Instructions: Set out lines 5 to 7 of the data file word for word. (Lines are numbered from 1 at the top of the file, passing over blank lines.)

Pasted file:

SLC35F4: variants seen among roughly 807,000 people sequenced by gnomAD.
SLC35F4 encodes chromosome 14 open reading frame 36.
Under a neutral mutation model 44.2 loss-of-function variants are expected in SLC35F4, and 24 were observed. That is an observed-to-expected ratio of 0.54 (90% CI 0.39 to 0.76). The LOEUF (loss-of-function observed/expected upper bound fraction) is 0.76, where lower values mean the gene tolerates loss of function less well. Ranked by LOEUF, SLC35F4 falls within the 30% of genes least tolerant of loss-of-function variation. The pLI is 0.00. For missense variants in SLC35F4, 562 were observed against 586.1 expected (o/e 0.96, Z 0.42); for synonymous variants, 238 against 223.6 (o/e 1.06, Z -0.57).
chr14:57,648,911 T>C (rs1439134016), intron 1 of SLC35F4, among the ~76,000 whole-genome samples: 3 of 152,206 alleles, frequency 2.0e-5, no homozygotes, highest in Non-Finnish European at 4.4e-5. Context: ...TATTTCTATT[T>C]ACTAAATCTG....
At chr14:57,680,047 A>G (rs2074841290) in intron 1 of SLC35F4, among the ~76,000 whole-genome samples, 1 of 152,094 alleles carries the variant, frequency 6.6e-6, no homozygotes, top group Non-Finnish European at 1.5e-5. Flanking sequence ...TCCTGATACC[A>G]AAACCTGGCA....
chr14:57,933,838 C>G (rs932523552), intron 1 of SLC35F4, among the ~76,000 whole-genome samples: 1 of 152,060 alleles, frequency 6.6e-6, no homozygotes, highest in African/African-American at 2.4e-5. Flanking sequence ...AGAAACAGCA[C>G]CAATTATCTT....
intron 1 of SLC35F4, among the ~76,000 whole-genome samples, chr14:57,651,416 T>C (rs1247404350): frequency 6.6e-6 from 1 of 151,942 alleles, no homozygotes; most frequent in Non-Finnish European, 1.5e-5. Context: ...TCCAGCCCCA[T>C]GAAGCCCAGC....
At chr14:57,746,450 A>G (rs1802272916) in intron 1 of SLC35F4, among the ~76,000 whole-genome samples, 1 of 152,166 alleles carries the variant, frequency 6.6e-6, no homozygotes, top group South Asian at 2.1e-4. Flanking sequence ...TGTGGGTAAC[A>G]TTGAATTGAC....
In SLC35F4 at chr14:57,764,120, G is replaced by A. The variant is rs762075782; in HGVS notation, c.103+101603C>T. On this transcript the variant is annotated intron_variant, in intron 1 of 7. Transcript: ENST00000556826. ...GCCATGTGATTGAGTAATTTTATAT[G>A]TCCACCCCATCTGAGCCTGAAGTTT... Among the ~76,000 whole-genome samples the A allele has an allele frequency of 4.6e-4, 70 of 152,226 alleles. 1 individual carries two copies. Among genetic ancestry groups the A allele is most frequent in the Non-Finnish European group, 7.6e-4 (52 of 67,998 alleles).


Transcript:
At chr14:57,680,047 A>G (rs2074841290) in intron 1 of SLC35F4, among the ~76,000 whole-genome samples, 1 of 152,094 alleles carries the variant, frequency 6.6e-6, no homozygotes, top group Non-Finnish European at 1.5e-5. Flanking sequence ...TCCTGATACC[A>G]AAACCTGGCA....
chr14:57,933,838 C>G (rs932523552), intron 1 of SLC35F4, among the ~76,000 whole-genome samples: 1 of 152,060 alleles, frequency 6.6e-6, no homozygotes, highest in African/African-American at 2.4e-5. Flanking sequence ...AGAAACAGCA[C>G]CAATTATCTT....
intron 1 of SLC35F4, among the ~76,000 whole-genome samples, chr14:57,651,416 T>C (rs1247404350): frequency 6.6e-6 from 1 of 151,942 alleles, no homozygotes; most frequent in Non-Finnish European, 1.5e-5. Context: ...TCCAGCCCCA[T>C]GAAGCCCAGC....